Native American Legends
The Ancient Freedoms
An Inca Legend
About the ancient freedoms of the kingdoms of Peru and their provinces...
It is important to note that these barbarians could tell nothing
more respecting what happened from the second creation by Viracocha
down to the time of the Incas. But it may be assumed that, although
the land was peopled and full of inhabitants before the Incas, it
had no regular government, nor did it have natural lords elected
by common consent to govern and rule, and who were respected by
the people, so that they were obeyed and received tribute.
On the contrary all the people were scattered and disorganized,
living in complete liberty, and each man being sole lord of his
house and estate. In each tribe there were two divisions. One was
called Hanansaya, which means the upper division, and the other
Hurinsaya, which is the lower division, a custom which continues
to this day. These divisions do not mean anything more than a way
to count each other, for their satisfaction; though afterwards it
served a more useful purpose, as will be seen in its place.
As there were dissensions among them, a certain kind of militia
was organized for defense, in the following way. When it became
known to the people of one district that some from other parts were
coming to make war, they chose one who was a native, or he might
be a stranger, who was known to be a valiant warrior.
Often such a man offered himself to aid and to fight for them against
their enemies. Such a man was followed and his orders were obeyed
during the war. When the war was over he became a private man as
he had been before, like the rest of the people, nor did they pay
him tribute either before or afterwards, nor any manner of tax whatever.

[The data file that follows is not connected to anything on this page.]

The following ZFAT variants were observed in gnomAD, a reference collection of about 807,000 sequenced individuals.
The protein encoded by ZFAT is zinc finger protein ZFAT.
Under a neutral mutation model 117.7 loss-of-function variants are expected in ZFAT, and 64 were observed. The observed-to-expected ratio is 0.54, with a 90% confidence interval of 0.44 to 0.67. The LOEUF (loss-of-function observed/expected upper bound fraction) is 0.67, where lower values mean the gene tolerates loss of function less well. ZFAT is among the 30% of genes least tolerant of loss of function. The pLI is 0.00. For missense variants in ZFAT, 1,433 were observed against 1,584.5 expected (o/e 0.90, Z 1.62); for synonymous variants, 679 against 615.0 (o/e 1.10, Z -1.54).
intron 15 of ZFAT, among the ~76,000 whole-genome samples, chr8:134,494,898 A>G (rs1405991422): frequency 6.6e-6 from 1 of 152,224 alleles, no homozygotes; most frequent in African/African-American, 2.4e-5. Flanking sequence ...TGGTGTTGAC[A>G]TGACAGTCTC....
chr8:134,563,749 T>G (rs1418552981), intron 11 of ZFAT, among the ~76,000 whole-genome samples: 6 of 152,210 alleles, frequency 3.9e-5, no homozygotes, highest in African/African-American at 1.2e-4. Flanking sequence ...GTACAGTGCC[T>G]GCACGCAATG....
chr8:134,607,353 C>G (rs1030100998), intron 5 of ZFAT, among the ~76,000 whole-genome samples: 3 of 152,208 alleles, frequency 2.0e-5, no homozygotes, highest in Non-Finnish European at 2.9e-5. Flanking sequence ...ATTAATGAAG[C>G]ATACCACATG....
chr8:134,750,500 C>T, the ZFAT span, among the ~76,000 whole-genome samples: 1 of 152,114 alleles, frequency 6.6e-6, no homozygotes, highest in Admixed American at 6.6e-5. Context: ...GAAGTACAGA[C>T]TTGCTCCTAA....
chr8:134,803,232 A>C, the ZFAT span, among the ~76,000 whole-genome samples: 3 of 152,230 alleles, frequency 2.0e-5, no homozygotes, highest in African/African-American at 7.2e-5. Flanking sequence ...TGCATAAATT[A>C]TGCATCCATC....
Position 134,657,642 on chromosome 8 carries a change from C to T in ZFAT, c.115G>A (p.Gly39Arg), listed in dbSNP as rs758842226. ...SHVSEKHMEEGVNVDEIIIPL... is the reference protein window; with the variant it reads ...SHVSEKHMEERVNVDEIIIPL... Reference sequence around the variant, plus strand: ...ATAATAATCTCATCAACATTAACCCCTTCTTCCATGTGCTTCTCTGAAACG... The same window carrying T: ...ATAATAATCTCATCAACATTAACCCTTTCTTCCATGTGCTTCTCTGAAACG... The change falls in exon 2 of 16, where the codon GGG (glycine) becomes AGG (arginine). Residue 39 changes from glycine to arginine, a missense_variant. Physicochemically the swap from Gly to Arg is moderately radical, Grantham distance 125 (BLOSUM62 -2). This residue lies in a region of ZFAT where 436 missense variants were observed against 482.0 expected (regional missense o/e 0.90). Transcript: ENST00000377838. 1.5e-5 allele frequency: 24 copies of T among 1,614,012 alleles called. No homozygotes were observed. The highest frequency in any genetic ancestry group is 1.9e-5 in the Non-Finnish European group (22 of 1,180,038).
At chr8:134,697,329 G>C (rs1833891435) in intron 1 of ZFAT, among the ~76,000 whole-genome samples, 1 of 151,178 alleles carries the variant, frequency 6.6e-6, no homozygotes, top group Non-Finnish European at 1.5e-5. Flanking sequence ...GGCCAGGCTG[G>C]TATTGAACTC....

To such a man they gave and still give the name of Sinchi which
means valiant. They call such men "Sinchi-cuna" which
means "valiant now" as who should say--"now during
the time the war lasts you shall be our valiant man, and afterwards
no": or another meaning would be simply "valiant men,"
for "cuna" is an adverb of time, and also denotes the
In whichever meaning, it is very applicable to these temporary
captains in the days of general liberty. So that from the general
flood of which they have a tradition to the time when the Incas
began to reign, which was 3519 years, all the natives of these kingdoms
lived on their properties without acknowledging either a natural
or an elected lord.
They succeeded in preserving, as it is said, a simple state of
liberty, living in huts or caves or humble little houses. This name
of Sinchi for those who held sway only during war, lasted throughout
the land until the time of Tupac Inca Yupanqui, the tenth Inca,
who instituted Curacas and other officials in the order which will
be fully described in the life of that Inca.
Even at the present time they continue this use and custom in the
provinces of Chile and in other parts of the forests of Peru to
the east of Quito and Chachapoyas, where they only obey a chief
during war time, not any special one, but he who is known to be
most valiant, enterprising and daring in the wars.
The reader should note that all the land was private property with
reference to any dominion of chiefs, yet they had natural chiefs
with special rights in each province, as for instance among the
natives of the valley of Cuzco and in other parts, as we shall relate
of each part in its place.
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